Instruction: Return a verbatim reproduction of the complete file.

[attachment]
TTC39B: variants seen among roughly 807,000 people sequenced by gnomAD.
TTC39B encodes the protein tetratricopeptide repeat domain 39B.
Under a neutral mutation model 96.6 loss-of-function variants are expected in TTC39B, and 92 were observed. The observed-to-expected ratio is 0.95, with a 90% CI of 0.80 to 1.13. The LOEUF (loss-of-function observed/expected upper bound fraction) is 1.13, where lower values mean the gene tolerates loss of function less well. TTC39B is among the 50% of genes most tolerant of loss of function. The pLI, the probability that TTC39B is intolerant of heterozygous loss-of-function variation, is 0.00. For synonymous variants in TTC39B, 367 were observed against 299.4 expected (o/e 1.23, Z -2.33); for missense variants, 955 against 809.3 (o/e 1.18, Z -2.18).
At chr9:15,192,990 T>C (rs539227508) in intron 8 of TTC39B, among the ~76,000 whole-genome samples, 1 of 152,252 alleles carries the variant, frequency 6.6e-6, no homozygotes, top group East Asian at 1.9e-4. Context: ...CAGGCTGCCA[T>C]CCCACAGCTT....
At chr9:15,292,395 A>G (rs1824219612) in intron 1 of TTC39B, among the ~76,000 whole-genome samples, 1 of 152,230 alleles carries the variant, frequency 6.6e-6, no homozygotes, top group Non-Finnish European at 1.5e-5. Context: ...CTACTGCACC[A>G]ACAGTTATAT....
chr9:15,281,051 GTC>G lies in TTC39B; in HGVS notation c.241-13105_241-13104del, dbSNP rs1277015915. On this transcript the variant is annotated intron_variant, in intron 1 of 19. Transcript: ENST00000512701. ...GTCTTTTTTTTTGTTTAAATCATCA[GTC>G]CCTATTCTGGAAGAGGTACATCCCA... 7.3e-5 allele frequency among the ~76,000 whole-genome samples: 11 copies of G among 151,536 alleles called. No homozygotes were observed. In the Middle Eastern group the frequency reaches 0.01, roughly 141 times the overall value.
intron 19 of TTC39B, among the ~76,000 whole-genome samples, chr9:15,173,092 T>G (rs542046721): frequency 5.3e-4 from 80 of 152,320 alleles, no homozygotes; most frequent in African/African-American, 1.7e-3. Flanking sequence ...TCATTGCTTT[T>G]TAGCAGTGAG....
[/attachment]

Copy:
TTC39B: variants seen among roughly 807,000 people sequenced by gnomAD.
TTC39B encodes the protein tetratricopeptide repeat domain 39B.
Under a neutral mutation model 96.6 loss-of-function variants are expected in TTC39B, and 92 were observed. The observed-to-expected ratio is 0.95, with a 90% CI of 0.80 to 1.13. The LOEUF (loss-of-function observed/expected upper bound fraction) is 1.13, where lower values mean the gene tolerates loss of function less well. TTC39B is among the 50% of genes most tolerant of loss of function. The pLI, the probability that TTC39B is intolerant of heterozygous loss-of-function variation, is 0.00. For synonymous variants in TTC39B, 367 were observed against 299.4 expected (o/e 1.23, Z -2.33); for missense variants, 955 against 809.3 (o/e 1.18, Z -2.18).
At chr9:15,192,990 T>C (rs539227508) in intron 8 of TTC39B, among the ~76,000 whole-genome samples, 1 of 152,252 alleles carries the variant, frequency 6.6e-6, no homozygotes, top group East Asian at 1.9e-4. Context: ...CAGGCTGCCA[T>C]CCCACAGCTT....
At chr9:15,292,395 A>G (rs1824219612) in intron 1 of TTC39B, among the ~76,000 whole-genome samples, 1 of 152,230 alleles carries the variant, frequency 6.6e-6, no homozygotes, top group Non-Finnish European at 1.5e-5. Context: ...CTACTGCACC[A>G]ACAGTTATAT....
chr9:15,281,051 GTC>G lies in TTC39B; in HGVS notation c.241-13105_241-13104del, dbSNP rs1277015915. On this transcript the variant is annotated intron_variant, in intron 1 of 19. Transcript: ENST00000512701. ...GTCTTTTTTTTTGTTTAAATCATCA[GTC>G]CCTATTCTGGAAGAGGTACATCCCA... 7.3e-5 allele frequency among the ~76,000 whole-genome samples: 11 copies of G among 151,536 alleles called. No homozygotes were observed. In the Middle Eastern group the frequency reaches 0.01, roughly 141 times the overall value.
intron 19 of TTC39B, among the ~76,000 whole-genome samples, chr9:15,173,092 T>G (rs542046721): frequency 5.3e-4 from 80 of 152,320 alleles, no homozygotes; most frequent in African/African-American, 1.7e-3. Flanking sequence ...TCATTGCTTT[T>G]TAGCAGTGAG....